PET ROCKS AND PUNK ROCK: Have A Nice Decade; The '70s Pop Culture Box considered

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Paper Lace: The Night Chicago Died
PET ROCKS AND PUNK ROCK: Have A Nice Decade; The '70s Pop Culture Box considered

It might have been famously "the decade that taste forgot", but the Seventies has spawned an interesting nostalgia for smiley faces (on e-mails!), terrific films such as Dazed and Confused . . . and this extraordinary box set of seven CDs which unflinchingly collects up the great (James Brown's The Payback, Freda Payne's Band of Gold and Gladys Knight and the Pips' Midnight Train to Georgia) with the good (James Taylor's Fire and Rain) and the pretty fuggin' awful (Ray Steven's The Streak, Maureen McGovern's Morning After).

With Rhino Records' customary attention to detail and elaborate packaging of such collections, this '98 box-book came in a shagpile cover with smiley faces woven in, an elaborate fold-in/out way of housing the discs, and a fat booklet which gave interesting pub-quiz background on the songs or acts -- and dropped in events from mainstream culture as signposts ('71 "the peasant look is in", the '72 earthquake in Nicaragua and the '75 Supreme Court ruling that US teachers could spank unruly kids).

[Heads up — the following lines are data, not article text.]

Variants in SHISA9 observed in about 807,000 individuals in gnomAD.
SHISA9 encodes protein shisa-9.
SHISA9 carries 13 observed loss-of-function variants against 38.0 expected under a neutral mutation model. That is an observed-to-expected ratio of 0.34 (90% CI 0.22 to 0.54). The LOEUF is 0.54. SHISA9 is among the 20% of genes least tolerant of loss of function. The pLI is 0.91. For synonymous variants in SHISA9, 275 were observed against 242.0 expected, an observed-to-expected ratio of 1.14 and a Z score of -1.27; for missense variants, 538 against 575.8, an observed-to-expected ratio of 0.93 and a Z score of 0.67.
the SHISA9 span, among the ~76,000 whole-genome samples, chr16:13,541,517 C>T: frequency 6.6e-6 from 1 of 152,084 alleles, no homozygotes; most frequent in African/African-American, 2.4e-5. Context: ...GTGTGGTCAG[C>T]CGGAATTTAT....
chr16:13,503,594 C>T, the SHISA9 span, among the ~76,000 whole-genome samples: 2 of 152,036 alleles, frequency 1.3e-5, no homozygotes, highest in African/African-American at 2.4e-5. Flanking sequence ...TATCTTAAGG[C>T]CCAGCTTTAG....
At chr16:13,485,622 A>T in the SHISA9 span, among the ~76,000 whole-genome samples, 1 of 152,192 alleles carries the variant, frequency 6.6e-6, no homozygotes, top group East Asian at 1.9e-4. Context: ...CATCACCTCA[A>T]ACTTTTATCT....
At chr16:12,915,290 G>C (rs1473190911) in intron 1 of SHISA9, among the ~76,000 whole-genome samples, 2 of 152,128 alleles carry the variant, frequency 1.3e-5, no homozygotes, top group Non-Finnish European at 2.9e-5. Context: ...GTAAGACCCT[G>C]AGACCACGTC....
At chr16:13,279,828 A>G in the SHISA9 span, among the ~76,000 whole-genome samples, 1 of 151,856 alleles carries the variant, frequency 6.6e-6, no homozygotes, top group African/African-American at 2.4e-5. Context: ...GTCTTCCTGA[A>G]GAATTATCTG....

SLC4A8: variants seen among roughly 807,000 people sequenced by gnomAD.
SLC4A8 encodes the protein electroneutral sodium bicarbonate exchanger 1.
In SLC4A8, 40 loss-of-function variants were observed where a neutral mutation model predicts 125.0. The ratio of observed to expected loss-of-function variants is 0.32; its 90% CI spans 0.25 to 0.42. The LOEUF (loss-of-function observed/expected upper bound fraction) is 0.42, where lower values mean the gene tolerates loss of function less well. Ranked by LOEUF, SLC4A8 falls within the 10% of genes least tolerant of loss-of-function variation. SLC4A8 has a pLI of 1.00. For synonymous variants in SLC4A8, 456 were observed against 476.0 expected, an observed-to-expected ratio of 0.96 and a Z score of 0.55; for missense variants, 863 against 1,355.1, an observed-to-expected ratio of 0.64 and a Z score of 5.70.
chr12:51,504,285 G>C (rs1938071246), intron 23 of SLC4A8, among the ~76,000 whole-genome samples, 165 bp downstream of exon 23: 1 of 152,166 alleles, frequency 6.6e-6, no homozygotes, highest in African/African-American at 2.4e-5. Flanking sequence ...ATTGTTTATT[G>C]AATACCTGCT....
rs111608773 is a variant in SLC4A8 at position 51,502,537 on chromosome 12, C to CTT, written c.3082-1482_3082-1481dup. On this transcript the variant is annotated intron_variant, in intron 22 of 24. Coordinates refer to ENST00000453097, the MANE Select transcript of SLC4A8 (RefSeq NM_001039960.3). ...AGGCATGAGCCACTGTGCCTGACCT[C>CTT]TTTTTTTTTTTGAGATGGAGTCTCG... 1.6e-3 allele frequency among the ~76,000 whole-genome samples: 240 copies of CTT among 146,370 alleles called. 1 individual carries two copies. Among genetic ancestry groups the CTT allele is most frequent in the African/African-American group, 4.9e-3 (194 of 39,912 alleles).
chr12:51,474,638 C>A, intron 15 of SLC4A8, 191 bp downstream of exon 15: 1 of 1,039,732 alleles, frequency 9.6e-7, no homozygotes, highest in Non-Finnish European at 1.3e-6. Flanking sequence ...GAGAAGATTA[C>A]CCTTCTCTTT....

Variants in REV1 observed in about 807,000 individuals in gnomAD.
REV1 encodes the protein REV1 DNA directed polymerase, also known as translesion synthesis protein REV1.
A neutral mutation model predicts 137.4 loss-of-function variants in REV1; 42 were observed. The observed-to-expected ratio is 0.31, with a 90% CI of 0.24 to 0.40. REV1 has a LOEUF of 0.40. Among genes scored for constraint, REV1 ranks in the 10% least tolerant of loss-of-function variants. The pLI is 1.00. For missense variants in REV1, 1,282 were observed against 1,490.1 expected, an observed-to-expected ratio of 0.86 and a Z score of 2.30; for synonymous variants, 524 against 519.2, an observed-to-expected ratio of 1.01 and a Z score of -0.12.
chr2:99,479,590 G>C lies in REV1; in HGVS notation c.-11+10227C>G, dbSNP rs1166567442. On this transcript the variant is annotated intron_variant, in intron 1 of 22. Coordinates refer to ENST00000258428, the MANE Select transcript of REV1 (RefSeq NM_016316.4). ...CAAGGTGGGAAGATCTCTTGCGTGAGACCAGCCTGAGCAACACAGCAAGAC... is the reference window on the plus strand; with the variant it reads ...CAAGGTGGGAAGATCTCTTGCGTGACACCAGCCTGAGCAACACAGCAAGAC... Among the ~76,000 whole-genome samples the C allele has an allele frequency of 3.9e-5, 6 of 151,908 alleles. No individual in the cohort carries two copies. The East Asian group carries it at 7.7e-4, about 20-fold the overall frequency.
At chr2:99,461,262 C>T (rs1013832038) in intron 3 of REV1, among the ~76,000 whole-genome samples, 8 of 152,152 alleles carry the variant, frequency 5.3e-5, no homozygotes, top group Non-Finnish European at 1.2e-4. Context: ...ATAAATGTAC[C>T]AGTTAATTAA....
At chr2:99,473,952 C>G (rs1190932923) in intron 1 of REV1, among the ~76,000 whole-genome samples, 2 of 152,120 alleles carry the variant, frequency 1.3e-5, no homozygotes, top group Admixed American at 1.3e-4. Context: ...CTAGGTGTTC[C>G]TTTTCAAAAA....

There are also 25 soundbites sequenced between the songs "in such a way as to give you a feel for the decade. Hopefully you'll find the experience a 'groovy' one".

But mainly the history of the Seventies is told through these emblematic songs.

With a few exceptions -- up until disco and punk in '76 anyway --  there were ballads galore and crassly pop-directed radio fodder. Some big names (the Bee Gees, Wings, Springsteen and so on because of contractual constraints) are absent, and nothing of the punk or New Wave movements sullies this look back through the prism of pop radio.

In fact playing this is like tuning in to a major Mid West radio station in '79 as it does some flashback playlisting to discover . . .

decade2Religion and Jesus (who was a Capricorn) were big themes (Day By Day from Godspell, Billy Ocean's Put You Hand in the Hand and Norman Greebaum's superb Spirit in the Sky), and there were plenty of songs like Me and You and Dog Named Boo (by Lobo) or the bubblegum novelty hit Chick-A-Boom by Daddy Dewdrop who formed "a deep and lasting bond with his audience -- but then they moved on to fifth grade".

This is all memorably bad or memorably marvellous music: Melanie's Brand New Key, Helen Reddy's I Am Woman, Jackie Blue by the Ozark Mounatin Daredevils, Silver Convention's Fly Robin Fly . . .

There was rock (Peter Frampton, Alice Cooper and "you ain't seen nuthin' yet") and oddities (Warren Zevon's Werewolves of London).

There was disco (Alicia Bridges I Love the Nightlife), funk (the Commodores' Brick House) and there was the godawful: Dan Hill's Sometimes When We Touch ("the honesty's too much") 

decade3   So what does this collection tell us about the decade in 150 songs?

   That as with all decades it was populated by the sublime (Al Green) and the stupid (Rick Dees who gave us Disco Duck), that some people took themselves very seriously indeed (Feelings!) and others just wanted to party like there was no tomorrow, Aids or even the Eighties.

   And there was Barry White.

   This -- the terrible stuff included -- is an exceptional overview of a decade that gave the world Richard Nixon and Mary Tyler Moore, John Travolta and John Wayne Gacy.

   And Free Bird.

   Have a nice day. 

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